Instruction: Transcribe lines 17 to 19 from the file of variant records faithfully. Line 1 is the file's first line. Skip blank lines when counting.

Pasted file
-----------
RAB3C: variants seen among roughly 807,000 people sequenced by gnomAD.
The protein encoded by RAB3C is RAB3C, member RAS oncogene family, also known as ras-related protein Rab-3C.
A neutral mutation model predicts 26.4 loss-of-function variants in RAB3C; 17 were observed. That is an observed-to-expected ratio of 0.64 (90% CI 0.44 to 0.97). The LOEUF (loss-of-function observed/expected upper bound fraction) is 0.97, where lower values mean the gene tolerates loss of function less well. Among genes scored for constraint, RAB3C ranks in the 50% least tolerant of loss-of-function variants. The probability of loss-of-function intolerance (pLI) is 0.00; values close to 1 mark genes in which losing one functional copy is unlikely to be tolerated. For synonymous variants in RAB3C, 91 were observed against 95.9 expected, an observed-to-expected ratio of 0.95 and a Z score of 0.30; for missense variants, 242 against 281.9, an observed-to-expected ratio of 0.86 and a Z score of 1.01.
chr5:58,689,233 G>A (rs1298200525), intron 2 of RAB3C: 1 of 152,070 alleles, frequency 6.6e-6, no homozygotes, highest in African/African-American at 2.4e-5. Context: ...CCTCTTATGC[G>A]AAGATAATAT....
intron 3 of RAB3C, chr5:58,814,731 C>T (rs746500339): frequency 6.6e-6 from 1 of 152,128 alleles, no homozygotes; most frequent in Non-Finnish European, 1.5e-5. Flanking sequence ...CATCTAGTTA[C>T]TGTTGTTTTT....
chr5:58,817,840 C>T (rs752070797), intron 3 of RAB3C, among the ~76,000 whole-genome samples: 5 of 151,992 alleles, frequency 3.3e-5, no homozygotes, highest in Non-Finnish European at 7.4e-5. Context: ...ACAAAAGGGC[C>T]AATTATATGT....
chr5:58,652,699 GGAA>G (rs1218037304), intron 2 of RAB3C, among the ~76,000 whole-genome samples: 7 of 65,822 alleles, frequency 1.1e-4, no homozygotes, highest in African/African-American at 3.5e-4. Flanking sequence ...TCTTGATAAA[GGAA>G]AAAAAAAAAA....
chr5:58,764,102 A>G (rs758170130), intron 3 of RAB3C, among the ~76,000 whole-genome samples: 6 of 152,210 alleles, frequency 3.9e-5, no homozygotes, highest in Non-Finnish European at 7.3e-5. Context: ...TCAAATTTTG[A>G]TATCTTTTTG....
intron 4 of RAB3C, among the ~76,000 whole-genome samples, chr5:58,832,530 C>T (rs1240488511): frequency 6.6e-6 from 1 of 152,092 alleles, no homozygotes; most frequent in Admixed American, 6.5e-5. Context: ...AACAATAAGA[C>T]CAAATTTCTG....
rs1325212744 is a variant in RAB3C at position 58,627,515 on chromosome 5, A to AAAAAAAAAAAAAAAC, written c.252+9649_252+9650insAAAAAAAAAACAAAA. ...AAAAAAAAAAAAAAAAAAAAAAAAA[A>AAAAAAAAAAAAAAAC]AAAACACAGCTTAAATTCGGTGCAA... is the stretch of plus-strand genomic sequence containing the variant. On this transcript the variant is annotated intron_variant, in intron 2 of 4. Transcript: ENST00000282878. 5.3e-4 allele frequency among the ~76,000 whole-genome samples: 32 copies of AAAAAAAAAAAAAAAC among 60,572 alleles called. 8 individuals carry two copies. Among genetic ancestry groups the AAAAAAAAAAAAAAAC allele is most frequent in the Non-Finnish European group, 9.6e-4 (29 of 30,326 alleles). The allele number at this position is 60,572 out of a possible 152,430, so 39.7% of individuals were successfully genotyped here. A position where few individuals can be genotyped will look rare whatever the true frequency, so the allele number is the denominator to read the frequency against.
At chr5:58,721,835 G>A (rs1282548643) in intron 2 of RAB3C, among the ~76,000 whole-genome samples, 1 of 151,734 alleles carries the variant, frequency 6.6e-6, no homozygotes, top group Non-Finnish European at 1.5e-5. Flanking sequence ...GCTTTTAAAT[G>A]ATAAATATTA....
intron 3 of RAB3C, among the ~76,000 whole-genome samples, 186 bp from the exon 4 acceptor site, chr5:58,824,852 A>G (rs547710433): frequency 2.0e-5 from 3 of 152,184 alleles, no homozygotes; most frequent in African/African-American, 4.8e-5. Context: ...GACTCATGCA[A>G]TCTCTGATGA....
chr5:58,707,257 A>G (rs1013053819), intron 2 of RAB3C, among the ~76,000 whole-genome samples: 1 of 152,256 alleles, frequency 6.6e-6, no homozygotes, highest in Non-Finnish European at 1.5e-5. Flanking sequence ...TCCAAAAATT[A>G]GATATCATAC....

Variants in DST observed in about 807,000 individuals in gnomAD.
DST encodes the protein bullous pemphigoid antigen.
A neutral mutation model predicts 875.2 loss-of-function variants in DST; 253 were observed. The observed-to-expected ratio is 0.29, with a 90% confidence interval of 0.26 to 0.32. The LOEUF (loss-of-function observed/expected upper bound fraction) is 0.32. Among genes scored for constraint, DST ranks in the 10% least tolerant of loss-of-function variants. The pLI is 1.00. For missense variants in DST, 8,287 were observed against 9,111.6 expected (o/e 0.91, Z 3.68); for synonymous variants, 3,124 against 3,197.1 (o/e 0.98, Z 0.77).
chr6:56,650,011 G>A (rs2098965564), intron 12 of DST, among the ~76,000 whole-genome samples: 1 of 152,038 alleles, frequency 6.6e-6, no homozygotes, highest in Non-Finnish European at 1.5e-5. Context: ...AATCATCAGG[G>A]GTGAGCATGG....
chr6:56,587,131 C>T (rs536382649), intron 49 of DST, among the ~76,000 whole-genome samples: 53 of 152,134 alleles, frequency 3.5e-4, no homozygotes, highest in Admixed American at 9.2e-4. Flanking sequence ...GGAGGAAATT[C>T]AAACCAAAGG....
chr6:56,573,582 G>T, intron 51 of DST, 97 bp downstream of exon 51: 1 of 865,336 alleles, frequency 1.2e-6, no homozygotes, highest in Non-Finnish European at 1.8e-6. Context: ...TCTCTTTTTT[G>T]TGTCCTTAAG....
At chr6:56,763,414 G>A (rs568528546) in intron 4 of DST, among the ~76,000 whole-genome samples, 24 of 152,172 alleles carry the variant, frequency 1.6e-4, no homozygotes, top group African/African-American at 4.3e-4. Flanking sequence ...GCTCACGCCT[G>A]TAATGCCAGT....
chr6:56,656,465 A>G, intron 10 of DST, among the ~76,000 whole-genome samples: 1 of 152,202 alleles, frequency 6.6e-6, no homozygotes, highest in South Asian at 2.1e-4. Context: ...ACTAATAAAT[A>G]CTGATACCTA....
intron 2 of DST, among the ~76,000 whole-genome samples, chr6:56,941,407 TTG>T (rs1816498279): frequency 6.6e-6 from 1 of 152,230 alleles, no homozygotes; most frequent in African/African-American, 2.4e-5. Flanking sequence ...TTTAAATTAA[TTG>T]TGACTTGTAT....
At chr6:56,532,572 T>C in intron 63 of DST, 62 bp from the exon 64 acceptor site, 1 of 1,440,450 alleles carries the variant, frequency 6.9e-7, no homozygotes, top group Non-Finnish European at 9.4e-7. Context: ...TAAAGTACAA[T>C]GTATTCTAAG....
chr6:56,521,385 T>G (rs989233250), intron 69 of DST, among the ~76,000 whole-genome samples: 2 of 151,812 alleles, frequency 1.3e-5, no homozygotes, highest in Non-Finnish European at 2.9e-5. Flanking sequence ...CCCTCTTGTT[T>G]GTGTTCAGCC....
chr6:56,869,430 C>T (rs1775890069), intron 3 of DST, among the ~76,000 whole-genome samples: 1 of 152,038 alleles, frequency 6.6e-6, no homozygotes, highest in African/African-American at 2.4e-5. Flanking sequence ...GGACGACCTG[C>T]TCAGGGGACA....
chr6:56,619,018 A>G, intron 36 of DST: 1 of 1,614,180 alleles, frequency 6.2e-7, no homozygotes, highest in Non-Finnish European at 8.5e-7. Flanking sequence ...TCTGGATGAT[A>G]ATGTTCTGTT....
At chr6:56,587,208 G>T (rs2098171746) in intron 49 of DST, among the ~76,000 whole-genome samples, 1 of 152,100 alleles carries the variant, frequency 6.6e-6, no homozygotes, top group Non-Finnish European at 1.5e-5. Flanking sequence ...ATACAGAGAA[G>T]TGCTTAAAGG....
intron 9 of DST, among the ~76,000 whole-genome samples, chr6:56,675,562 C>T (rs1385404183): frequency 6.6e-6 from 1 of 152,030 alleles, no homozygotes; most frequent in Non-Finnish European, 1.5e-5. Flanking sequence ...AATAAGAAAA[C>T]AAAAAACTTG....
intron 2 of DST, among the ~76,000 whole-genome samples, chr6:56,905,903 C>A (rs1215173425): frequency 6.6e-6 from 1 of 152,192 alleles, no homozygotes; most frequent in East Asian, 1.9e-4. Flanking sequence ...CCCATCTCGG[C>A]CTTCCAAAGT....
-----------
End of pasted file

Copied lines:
chr6:56,650,011 G>A (rs2098965564), intron 12 of DST, among the ~76,000 whole-genome samples: 1 of 152,038 alleles, frequency 6.6e-6, no homozygotes, highest in Non-Finnish European at 1.5e-5. Context: ...AATCATCAGG[G>A]GTGAGCATGG....
chr6:56,587,131 C>T (rs536382649), intron 49 of DST, among the ~76,000 whole-genome samples: 53 of 152,134 alleles, frequency 3.5e-4, no homozygotes, highest in Admixed American at 9.2e-4. Flanking sequence ...GGAGGAAATT[C>T]AAACCAAAGG....
chr6:56,573,582 G>T, intron 51 of DST, 97 bp downstream of exon 51: 1 of 865,336 alleles, frequency 1.2e-6, no homozygotes, highest in Non-Finnish European at 1.8e-6. Context: ...TCTCTTTTTT[G>T]TGTCCTTAAG....